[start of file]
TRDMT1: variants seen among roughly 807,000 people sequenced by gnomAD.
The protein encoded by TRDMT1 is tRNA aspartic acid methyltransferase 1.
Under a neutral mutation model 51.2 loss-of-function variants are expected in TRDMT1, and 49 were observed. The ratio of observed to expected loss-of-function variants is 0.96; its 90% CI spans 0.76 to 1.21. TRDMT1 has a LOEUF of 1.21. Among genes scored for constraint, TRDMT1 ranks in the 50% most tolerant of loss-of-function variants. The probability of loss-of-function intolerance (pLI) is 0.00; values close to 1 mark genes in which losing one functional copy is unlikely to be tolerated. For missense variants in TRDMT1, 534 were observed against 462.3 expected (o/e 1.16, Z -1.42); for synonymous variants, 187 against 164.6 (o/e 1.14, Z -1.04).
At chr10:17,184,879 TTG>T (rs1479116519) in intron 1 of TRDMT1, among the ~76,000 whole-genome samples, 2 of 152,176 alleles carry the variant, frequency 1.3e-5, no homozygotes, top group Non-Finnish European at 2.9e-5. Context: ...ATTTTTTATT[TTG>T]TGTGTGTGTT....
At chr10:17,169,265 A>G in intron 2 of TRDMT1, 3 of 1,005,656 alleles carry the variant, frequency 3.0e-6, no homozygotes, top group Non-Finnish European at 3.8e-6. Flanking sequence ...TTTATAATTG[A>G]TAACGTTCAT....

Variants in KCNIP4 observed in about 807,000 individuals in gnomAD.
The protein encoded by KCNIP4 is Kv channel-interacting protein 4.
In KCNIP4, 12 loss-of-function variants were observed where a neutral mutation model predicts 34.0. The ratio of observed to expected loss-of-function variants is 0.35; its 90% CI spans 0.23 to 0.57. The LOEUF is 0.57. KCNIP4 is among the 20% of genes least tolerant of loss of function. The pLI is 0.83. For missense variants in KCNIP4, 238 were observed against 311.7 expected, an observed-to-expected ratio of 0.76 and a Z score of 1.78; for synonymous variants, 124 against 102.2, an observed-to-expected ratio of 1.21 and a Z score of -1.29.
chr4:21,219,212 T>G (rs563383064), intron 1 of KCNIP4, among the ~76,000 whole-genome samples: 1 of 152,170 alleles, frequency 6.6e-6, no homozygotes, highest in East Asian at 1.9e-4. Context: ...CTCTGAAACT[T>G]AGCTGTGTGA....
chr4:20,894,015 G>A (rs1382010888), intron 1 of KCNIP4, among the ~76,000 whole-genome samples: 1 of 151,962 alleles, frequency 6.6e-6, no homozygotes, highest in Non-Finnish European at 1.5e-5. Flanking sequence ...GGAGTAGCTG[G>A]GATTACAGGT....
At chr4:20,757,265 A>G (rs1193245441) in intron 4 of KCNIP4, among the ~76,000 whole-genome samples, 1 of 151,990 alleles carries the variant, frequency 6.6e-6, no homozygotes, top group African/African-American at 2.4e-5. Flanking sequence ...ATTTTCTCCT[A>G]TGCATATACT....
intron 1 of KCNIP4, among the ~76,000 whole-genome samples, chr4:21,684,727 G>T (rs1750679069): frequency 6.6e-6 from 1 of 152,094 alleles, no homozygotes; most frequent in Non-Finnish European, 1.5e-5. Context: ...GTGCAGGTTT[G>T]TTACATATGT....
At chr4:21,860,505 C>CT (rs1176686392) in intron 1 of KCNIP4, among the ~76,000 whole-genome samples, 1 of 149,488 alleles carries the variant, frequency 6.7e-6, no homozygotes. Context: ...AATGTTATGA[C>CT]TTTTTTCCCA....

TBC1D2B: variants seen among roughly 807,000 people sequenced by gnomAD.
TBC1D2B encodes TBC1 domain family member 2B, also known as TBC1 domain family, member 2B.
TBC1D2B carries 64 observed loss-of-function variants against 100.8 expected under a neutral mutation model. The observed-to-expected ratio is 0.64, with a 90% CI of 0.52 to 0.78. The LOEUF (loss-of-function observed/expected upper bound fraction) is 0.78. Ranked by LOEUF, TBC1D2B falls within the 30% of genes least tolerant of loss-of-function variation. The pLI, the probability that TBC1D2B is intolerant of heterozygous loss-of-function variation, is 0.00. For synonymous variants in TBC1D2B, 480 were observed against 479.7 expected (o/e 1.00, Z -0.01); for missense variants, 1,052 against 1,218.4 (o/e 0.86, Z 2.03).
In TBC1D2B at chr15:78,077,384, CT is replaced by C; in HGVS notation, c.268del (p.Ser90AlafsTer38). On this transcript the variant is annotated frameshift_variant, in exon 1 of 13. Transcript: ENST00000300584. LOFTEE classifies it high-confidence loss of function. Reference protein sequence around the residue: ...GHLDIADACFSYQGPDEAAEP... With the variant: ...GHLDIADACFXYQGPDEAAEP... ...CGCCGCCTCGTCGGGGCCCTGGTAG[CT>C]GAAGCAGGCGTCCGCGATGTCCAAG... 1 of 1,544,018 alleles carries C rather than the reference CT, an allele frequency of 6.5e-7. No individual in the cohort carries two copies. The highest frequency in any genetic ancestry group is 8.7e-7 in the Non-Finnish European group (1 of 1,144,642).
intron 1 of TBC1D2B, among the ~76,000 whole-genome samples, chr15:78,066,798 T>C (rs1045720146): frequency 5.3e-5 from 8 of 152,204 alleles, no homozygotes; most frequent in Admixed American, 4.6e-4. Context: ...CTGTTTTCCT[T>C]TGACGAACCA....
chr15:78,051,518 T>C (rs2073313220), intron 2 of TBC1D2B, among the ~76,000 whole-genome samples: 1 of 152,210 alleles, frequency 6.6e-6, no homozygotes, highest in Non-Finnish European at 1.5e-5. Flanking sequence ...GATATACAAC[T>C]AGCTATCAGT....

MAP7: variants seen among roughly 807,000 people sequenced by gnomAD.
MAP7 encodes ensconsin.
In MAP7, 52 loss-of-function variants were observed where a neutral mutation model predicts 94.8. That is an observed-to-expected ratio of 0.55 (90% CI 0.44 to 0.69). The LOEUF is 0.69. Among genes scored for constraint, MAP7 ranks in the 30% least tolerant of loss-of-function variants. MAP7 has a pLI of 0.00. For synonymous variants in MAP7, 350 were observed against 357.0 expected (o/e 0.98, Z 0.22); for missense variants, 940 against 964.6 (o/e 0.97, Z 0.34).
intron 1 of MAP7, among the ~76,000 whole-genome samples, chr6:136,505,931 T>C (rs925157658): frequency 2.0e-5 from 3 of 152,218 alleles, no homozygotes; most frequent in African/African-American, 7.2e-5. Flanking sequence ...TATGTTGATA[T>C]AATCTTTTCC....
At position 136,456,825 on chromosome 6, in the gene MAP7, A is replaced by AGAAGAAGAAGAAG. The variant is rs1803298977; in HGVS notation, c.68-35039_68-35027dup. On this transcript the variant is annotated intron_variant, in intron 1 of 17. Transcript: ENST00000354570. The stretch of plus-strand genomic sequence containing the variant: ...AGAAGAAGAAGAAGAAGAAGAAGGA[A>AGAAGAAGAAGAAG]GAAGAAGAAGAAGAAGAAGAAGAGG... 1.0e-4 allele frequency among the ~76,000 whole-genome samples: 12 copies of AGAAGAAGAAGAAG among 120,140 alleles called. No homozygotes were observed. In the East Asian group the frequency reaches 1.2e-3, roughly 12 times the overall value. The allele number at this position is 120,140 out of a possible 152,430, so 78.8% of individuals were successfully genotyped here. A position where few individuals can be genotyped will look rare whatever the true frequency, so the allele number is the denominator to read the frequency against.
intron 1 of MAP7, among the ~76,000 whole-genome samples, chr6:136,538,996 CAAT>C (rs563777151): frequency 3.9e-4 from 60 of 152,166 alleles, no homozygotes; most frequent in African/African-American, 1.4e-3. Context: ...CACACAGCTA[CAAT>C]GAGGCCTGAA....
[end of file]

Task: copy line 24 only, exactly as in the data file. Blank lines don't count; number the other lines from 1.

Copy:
At position 136,456,825 on chromosome 6, in the gene MAP7, A is replaced by AGAAGAAGAAGAAG. The variant is rs1803298977; in HGVS notation, c.68-35039_68-35027dup. On this transcript the variant is annotated intron_variant, in intron 1 of 17. Transcript: ENST00000354570. The stretch of plus-strand genomic sequence containing the variant: ...AGAAGAAGAAGAAGAAGAAGAAGGA[A>AGAAGAAGAAGAAG]GAAGAAGAAGAAGAAGAAGAAGAGG... 1.0e-4 allele frequency among the ~76,000 whole-genome samples: 12 copies of AGAAGAAGAAGAAG among 120,140 alleles called. No homozygotes were observed. In the East Asian group the frequency reaches 1.2e-3, roughly 12 times the overall value. The allele number at this position is 120,140 out of a possible 152,430, so 78.8% of individuals were successfully genotyped here. A position where few individuals can be genotyped will look rare whatever the true frequency, so the allele number is the denominator to read the frequency against.